On 9 April 1865, Robert E. Lee and Ulysses S. Grant met at Appomattox, Virginia, so that Lee could surrender his Army of Northern Virginia.
This momentous event effectively ended the American Civil War. With Lee and his army gone, the Confederate cause lost hope. General Joseph E. Johnston surrendered the Army of Tennessee on April 26, and in Louisiana General Kirby Smith surrendered his Trans-Mississippi Confederate forces on May 26. The last Confederate general to surrender was the Cherokee Brigadier General Stand Watie in the Indian Territory on June 23.
Now a new museum will open at Appomattox dedicated to the war and its conclusion. A centerpiece of the display will be Robert E. Lee’s golden ceremonial sword. Owned by the Museum of the Confederacy in Richmond, the sword will grace a branch museum it’s building at Appomattox. The museum is also building branches at the important Civil War sites of Fredericksburg and Hampton Roads. The Appomattox museum will open next spring.
The sword was the same worn by Lee during the surrender. Lee famously showed up in full dress uniform with his French-made golden sword at his side. Grant showed up unkempt and wearing a muddy uniform.
The sword has recently been restored with a new layer of gilt that has restored its original luster.
With airport security on the rise around the world, it isn’t surprising to see long, fairly exhaustive lists of what you can’t take on the plane. Who among us doesn’t know someone who’s lost a lighter or bottle of shampoo at the security line because of these restrictions? It just seems endless.
Well, it gets crazier than what you’re seeing here in the United States. A reader just sent me this photo today, taken at the Bogota, Colombia airport’s security checkpoint. Apparently, it’s important to itemize the types of weapon you are not permitted to bring on board.
Is this level of detail really necessary? I mean, who the hell would think axes, tear gas or a “Ninja Star” is acceptable for in-flight entertainment. Seriously, an effing sword?! This is nuts.
So, if you’re passing through Bogota, make sure you do not have a “Hand grenade or any grenade,” likely referring to the sort you’d affix to an RPG for an M203 grenade launcher. Those things can be expensive, and it would suck to have to surrender it at security.
Are you always searching for a roller coaster that will make your hair stand on end? Well, if you really want to scare yourself, skip the traditional amusement park rides and catch a flight out to Beirut. There’s a “theme park” in town that will open your eyes wide and keep you looking over your shoulder.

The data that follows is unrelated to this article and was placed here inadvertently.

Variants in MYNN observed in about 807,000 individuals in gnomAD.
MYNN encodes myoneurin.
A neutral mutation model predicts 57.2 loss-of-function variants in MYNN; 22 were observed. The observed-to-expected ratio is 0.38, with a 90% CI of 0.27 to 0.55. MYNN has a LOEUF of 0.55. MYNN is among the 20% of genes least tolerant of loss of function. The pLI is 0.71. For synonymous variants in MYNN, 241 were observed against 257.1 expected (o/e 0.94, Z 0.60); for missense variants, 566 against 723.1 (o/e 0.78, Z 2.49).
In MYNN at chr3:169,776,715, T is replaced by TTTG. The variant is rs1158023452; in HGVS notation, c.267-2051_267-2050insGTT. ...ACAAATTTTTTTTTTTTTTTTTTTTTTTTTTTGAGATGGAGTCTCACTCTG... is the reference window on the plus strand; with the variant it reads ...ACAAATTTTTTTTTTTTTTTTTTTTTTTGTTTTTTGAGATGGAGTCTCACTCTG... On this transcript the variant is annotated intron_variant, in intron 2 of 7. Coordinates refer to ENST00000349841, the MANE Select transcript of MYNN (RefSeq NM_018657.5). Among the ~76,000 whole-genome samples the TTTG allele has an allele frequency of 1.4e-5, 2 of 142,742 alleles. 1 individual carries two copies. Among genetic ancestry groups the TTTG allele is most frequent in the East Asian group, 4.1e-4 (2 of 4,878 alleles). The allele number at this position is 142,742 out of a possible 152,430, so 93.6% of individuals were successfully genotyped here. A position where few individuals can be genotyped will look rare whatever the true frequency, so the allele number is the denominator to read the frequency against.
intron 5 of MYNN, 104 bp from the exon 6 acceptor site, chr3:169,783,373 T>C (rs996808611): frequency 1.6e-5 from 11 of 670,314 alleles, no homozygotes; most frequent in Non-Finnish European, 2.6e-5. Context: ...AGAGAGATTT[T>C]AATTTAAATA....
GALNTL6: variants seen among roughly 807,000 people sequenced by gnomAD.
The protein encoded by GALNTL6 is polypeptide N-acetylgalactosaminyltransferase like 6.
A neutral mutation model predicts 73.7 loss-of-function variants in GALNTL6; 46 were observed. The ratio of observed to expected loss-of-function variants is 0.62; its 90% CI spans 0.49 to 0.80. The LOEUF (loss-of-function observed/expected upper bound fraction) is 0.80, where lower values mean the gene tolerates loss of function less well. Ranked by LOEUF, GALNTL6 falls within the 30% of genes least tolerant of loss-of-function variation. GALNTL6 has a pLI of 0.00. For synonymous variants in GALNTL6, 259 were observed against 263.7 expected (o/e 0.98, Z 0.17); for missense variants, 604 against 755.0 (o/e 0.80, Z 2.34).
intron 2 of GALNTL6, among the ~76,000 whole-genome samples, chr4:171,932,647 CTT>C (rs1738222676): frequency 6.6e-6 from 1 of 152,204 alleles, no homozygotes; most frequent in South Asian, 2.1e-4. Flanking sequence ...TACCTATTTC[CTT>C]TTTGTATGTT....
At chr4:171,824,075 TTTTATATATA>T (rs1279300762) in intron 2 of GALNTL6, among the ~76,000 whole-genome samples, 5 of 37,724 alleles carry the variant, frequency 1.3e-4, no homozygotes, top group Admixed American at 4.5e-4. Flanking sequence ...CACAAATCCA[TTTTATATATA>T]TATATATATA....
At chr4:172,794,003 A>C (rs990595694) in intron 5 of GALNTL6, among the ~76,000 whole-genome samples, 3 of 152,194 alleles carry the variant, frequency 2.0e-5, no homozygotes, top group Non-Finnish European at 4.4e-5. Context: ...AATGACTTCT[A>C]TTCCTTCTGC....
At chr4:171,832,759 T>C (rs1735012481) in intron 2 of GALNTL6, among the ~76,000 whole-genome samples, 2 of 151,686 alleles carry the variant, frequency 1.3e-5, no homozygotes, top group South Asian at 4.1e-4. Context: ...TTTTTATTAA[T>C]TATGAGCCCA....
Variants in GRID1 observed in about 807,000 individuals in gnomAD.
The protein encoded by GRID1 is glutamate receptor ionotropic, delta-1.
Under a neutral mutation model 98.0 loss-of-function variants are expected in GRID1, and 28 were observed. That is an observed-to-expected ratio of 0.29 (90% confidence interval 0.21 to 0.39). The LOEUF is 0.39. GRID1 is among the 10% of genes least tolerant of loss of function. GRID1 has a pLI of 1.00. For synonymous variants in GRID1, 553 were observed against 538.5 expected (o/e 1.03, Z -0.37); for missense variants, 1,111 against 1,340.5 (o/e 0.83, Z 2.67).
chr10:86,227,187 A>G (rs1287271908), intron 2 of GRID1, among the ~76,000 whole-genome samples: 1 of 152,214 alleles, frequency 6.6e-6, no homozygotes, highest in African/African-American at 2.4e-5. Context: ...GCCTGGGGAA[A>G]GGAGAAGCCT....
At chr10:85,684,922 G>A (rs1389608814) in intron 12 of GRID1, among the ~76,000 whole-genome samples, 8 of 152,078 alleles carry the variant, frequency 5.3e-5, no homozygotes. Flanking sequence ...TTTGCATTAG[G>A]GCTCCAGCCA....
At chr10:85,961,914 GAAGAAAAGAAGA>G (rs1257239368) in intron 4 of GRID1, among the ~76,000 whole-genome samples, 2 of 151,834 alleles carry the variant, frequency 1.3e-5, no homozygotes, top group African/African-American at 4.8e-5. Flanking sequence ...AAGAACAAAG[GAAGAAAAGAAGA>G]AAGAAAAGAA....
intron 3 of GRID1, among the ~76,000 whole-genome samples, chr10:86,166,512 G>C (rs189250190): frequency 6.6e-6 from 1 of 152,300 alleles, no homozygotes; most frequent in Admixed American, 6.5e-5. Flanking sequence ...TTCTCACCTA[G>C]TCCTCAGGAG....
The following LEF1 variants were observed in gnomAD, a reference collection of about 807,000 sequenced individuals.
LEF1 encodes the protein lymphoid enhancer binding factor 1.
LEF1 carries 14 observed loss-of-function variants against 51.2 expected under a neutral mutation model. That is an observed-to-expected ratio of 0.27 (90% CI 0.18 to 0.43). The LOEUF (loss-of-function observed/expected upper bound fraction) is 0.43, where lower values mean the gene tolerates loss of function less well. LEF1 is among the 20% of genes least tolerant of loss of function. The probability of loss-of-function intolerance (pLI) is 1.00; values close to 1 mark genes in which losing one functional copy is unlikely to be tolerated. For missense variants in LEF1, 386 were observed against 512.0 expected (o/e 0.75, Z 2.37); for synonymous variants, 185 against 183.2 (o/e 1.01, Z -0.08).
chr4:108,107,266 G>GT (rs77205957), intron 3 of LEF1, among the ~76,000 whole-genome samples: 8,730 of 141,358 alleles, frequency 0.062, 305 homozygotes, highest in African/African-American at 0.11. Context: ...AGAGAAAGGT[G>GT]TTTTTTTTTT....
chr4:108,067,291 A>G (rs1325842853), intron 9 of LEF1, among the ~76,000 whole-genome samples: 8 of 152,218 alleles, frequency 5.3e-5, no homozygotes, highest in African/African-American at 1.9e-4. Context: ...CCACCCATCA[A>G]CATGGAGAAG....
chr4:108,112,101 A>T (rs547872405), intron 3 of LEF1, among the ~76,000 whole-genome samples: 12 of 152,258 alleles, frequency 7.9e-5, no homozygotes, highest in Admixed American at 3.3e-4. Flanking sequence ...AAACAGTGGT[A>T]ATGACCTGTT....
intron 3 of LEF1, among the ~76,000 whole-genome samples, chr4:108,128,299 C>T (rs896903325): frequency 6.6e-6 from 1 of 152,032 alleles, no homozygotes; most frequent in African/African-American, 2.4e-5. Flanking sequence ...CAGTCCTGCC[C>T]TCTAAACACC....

Identified as a terrorist organization by the U.S. State Department, Hezbollah’s new endeavor isn’t doing a thing to change that perception. Called “Landmark for the Resistance,” the theme park celebrates the group’s military efforts against Israel. Enter the park, and you can wander among implements of mayhem and destruction, from tanks to machine guns … and you can even get some photo ops of the kids with their fingers on the trigger!
Designed and built by Hezbollah, Landmark for the Resistance cost a mere $4 million, a pittance compared to what it would cost to get an attraction up here in the United States. So far, the park’s been a success, one of the few in a country that has had trouble attracting tourists because of … well … Hezbollah.
Buoyed by the strong response, especially the smiling children, I suspect, Hezbollah has already committed to expansion plans. Look for a cable car wandering around the guns ‘n’ ammo soon – and a hotel and a restaurant.
Travelers face all kinds of nuisances at motels. Loud televisions, unsanitary room conditions and unexpected room charges all rank as typical inconveniences. But getting threatened with a four-foot long python typically isn’t a problem for guests – at least until now.
According to a BBC news report, a South Carolina man was threatened with a snake by another motel guest after a heated argument. Jeffrey Culp, the alleged victim, complained to his motel neighbor Tony Smith about loud music coming from his room. In retaliation Smith tracked down Culp, tapped him on the shoulder and thrust a four-foot long pet snake in his face, apparently leaving small scratches across the man’s lip. Mr. Culp, who told Smith he was deathly afraid of snakes earlier in the evening, was shaken up by the incident.
Mr. Smith, the snake aggressor, was arrested by police and charged with assault and battery. Future snake trouble-makers should take note: there’s a lesson to be learned. The next time you’re at a motel and wave your snake in someone’s face, don’t expect to get away with it.
A US Airways employee had the brilliant idea of helping his roommate bring a concealed semiautomatic handgun onto a plane yesterday. On the bright side, this would have meant one less gun on the streets of Philly. Now, both have been charged by the FBI.
Roshid Milledge, a customer service agent, switched bags with passenger Damien Young at the gate, so Young could bring his unloaded weapon on board the plane. He was moving to Phoenix and asked Milledge about the rules for transporting firearms. Instead of following the rules (how boring …), the customer service rep decided to elevate how passengers are treated by airlines and carried the 9mm gun through an employee entrance, bypassing security.
Another passenger, however, saw that Milledge looked “fidgety.” It didn’t take long for the authorities to find Young, who was comfortably on the plane, and bring him back to the gate (after the plane had begun to taxi).
Now, both Milledge and Young are in federal custody, and according to the Associated Press, neither seemed to be represented by council (yeah … smart).
So, what about all those other passengers on board … you know, the folks who didn’t blow off the rules? They were delayed several hours.
Yet another delay caused by airline customer service …